Business software maker Atlassian may file for an IPO as soon as next week in the U.S. markets, according to a source-based report by Bloomberg. The company, valued at $3.3 billion after its last round of funding, has been in talks with Goldman Sachs Group Inc. and Morgan Stanley to work on the offering, the report said.

Australia-based Atlassian, set up in 2002 by co-CEOs Mike Cannon-Brookes and Scott Farquhar using credit card debt, has been slow to take up venture capital money. In the past eight years, the company has raised just two rounds of funding using secondary shares from investors, including Accel Partners and T. Rowe Price, relying mostly on its profits to fund its growth -- a rare approach among software firms. 

Between its fast-growing user base and revenue -- the company’s revenue jumped 48 percent last year -- Atlassian has enjoyed the status of being the "flagship of the Australian tech industry." The impending IPO would dwarf Australian accounting software group MYOB's $2 billion offering  on the Australian Securities Exchange in May. 

Atlassian reportedly filed its prospectus in September under a U.S. provision called Jumpstart Our Business Startups (JOBS) Act, which permits companies with less than $1 billion in annual revenue to file their IPO paperwork confidentially.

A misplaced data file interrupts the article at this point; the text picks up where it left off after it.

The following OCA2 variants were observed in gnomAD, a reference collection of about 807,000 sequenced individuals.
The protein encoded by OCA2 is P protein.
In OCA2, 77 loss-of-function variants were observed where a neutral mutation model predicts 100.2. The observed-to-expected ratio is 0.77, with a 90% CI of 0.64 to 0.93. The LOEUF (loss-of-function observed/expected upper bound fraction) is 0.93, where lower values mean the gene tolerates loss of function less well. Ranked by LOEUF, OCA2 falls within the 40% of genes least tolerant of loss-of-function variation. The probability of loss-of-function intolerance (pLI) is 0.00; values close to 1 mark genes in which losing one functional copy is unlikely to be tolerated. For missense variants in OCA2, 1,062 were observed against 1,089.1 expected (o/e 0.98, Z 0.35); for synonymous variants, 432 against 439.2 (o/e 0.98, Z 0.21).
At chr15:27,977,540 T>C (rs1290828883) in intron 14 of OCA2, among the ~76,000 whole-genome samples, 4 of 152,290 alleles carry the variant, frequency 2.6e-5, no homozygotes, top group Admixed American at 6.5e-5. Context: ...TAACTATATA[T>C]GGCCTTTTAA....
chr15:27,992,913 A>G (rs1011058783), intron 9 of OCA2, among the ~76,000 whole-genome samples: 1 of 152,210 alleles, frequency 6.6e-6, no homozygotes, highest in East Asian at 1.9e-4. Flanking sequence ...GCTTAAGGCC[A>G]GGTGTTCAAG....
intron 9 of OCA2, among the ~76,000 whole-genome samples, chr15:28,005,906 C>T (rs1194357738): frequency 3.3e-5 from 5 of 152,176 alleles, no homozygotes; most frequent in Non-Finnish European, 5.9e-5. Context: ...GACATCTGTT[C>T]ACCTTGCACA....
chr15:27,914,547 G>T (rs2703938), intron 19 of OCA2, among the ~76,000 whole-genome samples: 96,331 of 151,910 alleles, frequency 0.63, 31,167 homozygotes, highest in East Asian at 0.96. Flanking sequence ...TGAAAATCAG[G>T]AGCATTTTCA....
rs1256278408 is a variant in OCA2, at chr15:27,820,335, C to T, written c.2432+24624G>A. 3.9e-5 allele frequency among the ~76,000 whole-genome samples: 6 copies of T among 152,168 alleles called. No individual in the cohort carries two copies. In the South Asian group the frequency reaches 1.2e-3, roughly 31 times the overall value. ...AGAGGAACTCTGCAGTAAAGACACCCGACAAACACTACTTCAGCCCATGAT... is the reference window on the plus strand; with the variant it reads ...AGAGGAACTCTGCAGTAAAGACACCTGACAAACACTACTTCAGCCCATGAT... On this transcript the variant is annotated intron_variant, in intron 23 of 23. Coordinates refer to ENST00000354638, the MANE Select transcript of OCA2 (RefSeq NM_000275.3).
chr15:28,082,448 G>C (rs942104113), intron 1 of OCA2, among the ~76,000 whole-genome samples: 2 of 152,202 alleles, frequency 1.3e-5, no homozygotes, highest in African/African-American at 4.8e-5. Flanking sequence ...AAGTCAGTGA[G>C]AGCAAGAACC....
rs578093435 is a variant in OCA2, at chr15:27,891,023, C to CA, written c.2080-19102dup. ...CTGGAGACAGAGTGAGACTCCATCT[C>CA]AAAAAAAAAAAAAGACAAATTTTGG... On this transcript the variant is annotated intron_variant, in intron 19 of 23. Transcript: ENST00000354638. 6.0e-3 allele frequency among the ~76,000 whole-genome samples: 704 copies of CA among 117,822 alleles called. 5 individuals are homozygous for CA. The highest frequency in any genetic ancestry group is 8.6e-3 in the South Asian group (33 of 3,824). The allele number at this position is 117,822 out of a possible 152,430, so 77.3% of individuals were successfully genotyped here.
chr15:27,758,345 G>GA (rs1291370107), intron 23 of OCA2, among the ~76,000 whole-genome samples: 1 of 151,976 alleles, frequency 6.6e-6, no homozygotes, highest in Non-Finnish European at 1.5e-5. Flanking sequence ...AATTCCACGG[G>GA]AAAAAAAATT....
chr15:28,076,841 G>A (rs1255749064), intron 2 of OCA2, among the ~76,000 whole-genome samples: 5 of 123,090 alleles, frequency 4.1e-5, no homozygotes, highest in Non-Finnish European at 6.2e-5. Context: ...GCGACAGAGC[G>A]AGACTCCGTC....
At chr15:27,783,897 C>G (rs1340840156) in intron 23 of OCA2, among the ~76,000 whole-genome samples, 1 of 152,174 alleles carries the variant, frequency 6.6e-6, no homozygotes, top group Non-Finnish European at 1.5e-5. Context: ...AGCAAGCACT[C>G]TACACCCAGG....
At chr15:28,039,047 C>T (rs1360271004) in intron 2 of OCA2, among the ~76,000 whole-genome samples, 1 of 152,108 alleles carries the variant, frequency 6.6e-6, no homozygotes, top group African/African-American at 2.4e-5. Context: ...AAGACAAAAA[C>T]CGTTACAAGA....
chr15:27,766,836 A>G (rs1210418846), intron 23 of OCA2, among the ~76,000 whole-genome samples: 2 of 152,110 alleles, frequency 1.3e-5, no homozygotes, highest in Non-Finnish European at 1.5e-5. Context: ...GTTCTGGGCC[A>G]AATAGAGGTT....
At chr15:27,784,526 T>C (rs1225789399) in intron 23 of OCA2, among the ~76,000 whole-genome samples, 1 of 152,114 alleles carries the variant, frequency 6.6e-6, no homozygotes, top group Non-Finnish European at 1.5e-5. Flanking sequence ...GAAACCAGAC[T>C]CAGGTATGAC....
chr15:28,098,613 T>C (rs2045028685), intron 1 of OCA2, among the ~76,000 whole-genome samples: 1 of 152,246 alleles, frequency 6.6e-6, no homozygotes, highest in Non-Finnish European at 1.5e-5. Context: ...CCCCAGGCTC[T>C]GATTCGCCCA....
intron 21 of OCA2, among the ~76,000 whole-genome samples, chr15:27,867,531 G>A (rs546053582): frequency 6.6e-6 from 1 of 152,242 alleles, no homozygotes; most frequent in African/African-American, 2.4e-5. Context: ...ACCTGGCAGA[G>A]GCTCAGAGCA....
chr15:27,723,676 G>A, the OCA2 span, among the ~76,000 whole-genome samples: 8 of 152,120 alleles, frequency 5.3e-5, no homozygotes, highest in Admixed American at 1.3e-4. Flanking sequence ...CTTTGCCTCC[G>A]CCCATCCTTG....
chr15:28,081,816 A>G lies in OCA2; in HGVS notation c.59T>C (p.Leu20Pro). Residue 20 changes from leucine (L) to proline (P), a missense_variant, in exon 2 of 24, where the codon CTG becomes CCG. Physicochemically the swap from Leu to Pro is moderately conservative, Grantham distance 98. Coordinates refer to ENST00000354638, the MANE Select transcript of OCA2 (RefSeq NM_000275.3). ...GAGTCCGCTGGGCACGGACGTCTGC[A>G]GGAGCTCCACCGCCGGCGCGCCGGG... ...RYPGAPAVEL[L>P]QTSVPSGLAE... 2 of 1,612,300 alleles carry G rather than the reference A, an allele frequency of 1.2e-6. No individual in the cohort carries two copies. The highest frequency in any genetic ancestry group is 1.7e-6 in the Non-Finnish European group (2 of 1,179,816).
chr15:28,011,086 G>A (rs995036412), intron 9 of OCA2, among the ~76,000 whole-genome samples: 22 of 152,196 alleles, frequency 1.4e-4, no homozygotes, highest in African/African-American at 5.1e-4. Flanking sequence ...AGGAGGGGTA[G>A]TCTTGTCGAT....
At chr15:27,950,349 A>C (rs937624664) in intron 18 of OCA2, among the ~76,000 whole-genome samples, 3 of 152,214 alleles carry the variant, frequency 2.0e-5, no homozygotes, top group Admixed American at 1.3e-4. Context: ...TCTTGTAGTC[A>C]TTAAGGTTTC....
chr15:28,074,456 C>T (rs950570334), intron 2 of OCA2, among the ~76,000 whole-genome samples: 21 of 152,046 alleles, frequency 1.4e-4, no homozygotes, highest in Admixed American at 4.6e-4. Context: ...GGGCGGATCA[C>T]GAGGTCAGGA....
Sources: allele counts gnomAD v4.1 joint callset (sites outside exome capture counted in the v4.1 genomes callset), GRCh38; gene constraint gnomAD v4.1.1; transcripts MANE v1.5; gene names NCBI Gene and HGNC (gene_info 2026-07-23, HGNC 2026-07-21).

Atlassian makes software for developers and scientists for tasks such as tracking and testing code and communicating among teams.

The move comes even as technology IPOs have slowed this year in the U.S. In 2015, 42 tech companies have raised about $7 billion so far, compared to  74 deals for all of 2014, which raised $34.3 billion, according to data compiled by Bloomberg.

However, Atlassian's plan to list in U.S. markets was seen as a major blow to Australia’s hopes of garnering a strong funding climate for startups as many startup chiefs had counted on the company to boost the local markets.

"The best thing Atlassian could have done for the local sector would have been to list in Australia," Freelancer founder Matt Barrie told the Sydney Morning Herald. "They would have been the best thing on the bourse," he added.